• Whitney says:

        Thanks for commenting, Barbara, and oh yes… so many folks have mentioned life with teen kiddos. Although our daughter is only five, I know that this “not the same” is a song I will be able to sing for years to come. It’s not an easy song for others to listen to, but for her sake, I will not erase her past. I will acknowledge that circumstances in her life (in anyone’s life!) affect her. Keep chugging along, friend. You are not alone. <3

    • Whitney says:

      Thanks for commenting, Cheryl. I imagine that the explanations never get any easier. But it’s all worth it. <3

  8. Kristen Miller says:

    We adopted a 15 and 17 year old about a year ago…they spent over a decade in an institution. There are no words for the trauma they endured, first the abandonment by their parents, then the abuse at the institution. If I could tell people one thing it is that loving them does not fix anything…if it did I can promise you they would be healed and whole. Love is not enough…it takes a complete surrender as an adoptive parent, specifically for older child adoption because they do not know how to love, how to have relationships and no 15 year old who has never had parents wants what loving parents offer. I would do it over again in a heartbeat, but it is the hardest thing I have ever done.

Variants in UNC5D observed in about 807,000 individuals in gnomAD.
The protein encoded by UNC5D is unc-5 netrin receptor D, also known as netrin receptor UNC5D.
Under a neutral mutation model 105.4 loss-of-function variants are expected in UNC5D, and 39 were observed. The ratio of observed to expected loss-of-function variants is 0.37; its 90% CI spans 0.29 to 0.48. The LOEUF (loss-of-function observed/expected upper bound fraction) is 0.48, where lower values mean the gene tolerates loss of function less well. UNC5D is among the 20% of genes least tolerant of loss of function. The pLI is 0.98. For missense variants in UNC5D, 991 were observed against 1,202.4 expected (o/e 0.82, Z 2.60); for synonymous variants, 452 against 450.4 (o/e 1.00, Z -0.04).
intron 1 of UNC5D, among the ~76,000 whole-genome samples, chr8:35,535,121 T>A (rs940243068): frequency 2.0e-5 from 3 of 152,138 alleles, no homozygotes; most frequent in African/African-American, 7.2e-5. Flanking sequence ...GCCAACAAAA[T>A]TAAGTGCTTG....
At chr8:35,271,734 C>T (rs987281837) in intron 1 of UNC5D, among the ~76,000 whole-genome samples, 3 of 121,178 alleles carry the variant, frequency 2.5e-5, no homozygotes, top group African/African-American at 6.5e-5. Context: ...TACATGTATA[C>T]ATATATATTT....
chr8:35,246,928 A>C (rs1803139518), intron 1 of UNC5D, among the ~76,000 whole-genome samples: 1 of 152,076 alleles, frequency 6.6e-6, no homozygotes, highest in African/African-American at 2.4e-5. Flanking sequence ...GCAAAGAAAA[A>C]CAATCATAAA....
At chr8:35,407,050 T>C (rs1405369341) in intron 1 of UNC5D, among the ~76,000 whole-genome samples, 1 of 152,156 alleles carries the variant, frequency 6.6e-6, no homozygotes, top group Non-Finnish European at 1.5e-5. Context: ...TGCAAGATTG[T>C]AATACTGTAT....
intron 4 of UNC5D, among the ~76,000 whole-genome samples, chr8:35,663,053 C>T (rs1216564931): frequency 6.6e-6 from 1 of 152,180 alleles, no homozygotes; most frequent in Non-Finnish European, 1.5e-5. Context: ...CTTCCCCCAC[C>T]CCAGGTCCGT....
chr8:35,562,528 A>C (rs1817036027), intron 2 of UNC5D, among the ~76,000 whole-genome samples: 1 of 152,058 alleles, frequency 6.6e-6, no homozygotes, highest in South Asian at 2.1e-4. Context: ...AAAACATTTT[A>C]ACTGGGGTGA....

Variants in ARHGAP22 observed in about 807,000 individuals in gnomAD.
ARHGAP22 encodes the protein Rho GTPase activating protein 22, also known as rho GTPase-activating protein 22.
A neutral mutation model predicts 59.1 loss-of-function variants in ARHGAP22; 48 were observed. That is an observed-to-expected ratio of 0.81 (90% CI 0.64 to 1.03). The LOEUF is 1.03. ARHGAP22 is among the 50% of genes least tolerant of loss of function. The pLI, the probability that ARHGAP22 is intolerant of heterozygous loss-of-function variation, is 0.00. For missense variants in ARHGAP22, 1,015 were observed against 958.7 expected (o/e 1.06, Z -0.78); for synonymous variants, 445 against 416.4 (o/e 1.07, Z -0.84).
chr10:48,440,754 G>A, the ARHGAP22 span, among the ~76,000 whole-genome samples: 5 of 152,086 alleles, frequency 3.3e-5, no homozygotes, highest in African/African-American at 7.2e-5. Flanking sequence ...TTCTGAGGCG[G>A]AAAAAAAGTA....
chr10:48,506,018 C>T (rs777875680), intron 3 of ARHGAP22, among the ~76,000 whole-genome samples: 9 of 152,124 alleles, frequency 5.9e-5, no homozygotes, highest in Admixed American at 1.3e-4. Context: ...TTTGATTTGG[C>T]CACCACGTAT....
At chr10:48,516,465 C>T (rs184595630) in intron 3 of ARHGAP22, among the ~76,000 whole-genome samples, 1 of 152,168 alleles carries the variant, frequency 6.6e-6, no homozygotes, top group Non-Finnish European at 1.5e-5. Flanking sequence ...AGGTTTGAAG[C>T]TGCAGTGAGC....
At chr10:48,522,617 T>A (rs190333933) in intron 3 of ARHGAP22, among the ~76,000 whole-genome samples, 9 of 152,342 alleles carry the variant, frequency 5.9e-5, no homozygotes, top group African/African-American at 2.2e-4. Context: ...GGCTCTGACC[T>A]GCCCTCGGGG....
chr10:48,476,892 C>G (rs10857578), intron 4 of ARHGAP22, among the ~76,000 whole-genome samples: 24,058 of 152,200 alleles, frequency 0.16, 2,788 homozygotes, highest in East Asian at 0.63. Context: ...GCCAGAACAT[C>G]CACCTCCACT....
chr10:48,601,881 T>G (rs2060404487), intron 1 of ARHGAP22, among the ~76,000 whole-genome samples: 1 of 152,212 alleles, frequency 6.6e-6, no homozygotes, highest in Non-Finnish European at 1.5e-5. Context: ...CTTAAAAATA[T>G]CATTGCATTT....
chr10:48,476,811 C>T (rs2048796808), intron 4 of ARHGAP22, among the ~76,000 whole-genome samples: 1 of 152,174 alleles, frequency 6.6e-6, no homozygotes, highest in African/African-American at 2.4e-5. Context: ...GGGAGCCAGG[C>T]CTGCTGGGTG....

• Whitney says:

      Oh, this breaks my heart, Kristen. So much hard stuff in such a short time period. I’ve often thought the same things about loving our girl and wanting my hugs, kisses, snuggle time, and love to fix it all. She asks me almost every day if I like her. This repetition of hearing, “yes, I like you, AND I love you so much, forever” is something I hope sinks into deep places over time. Keep it up. It is totally the hardest thing, but I agree, I would do it all over again, too.

  9. Danielle Borzillo says:

    Thank you for posting this. I have twin 6 year olds from China. Adopted at 16 months. About 1.5 years after they came home I quite shockingly become pregnant at the age of 42. Lately we have been experiencing some turbulent times. They have become quite disrespectful towards me and mean spirited toward their brother who is 2. They often say that I don’t care about them, which of course could not be father from the truth but I know that they must be truly feeling this way.